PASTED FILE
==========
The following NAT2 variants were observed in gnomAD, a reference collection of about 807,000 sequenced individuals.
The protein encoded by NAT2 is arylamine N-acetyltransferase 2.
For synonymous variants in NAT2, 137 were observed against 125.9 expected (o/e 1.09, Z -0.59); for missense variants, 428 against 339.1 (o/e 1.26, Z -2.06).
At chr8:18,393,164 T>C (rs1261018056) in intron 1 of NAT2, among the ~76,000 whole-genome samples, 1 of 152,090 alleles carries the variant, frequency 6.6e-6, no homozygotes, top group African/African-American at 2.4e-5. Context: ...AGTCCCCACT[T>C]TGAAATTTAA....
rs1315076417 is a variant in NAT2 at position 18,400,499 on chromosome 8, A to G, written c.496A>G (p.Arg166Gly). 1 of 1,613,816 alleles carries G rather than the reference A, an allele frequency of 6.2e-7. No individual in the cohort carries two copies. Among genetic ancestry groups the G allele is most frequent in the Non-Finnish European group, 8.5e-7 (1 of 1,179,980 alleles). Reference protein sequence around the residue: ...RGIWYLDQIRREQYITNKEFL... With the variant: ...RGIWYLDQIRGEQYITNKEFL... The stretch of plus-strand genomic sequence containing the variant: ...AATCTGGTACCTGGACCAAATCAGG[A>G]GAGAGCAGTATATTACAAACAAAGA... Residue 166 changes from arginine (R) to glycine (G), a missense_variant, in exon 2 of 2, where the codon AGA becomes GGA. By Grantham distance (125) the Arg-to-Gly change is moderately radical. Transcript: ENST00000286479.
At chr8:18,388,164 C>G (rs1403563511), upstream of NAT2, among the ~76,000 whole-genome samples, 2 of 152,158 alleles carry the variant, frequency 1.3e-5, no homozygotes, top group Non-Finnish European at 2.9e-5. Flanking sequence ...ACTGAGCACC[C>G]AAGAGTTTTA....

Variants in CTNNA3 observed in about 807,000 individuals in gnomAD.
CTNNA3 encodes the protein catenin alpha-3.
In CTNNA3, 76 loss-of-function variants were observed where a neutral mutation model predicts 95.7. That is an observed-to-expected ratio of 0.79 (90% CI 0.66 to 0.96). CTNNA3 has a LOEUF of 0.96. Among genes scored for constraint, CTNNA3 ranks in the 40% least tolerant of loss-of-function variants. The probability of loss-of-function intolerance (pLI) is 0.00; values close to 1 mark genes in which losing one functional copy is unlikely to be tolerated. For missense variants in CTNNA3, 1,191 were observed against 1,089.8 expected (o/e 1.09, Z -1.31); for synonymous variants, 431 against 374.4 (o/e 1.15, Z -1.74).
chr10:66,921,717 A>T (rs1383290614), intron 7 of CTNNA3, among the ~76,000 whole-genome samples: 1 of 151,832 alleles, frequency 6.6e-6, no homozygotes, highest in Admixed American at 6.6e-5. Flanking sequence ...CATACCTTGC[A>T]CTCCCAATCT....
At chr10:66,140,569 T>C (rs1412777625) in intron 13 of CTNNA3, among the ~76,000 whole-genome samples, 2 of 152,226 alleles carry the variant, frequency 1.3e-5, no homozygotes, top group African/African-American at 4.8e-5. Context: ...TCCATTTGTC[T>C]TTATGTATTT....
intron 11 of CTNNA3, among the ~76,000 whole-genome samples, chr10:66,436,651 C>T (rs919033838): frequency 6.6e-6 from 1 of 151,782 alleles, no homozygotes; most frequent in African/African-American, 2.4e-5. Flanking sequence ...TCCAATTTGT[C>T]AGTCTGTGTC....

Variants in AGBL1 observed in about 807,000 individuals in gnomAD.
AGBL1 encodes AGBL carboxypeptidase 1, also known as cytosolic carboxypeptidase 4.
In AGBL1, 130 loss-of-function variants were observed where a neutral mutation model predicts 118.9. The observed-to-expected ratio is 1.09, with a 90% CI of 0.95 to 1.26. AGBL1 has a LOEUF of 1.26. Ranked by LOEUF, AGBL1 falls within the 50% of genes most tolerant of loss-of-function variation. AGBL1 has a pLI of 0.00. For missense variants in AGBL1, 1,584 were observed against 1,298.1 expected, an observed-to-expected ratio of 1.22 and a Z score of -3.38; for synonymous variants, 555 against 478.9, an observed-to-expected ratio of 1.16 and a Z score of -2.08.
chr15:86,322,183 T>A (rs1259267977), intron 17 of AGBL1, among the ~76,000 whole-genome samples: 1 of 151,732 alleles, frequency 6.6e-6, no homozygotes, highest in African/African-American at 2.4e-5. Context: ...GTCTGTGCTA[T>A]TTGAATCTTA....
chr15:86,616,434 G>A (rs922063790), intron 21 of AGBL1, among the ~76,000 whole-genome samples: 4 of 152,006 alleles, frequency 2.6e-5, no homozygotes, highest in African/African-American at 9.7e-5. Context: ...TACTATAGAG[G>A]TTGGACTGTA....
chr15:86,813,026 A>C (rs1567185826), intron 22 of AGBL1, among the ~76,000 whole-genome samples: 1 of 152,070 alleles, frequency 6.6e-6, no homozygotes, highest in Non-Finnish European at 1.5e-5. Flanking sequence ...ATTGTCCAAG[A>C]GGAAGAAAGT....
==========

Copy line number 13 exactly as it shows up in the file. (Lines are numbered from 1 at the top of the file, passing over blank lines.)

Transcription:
Variants in AGBL1 observed in about 807,000 individuals in gnomAD.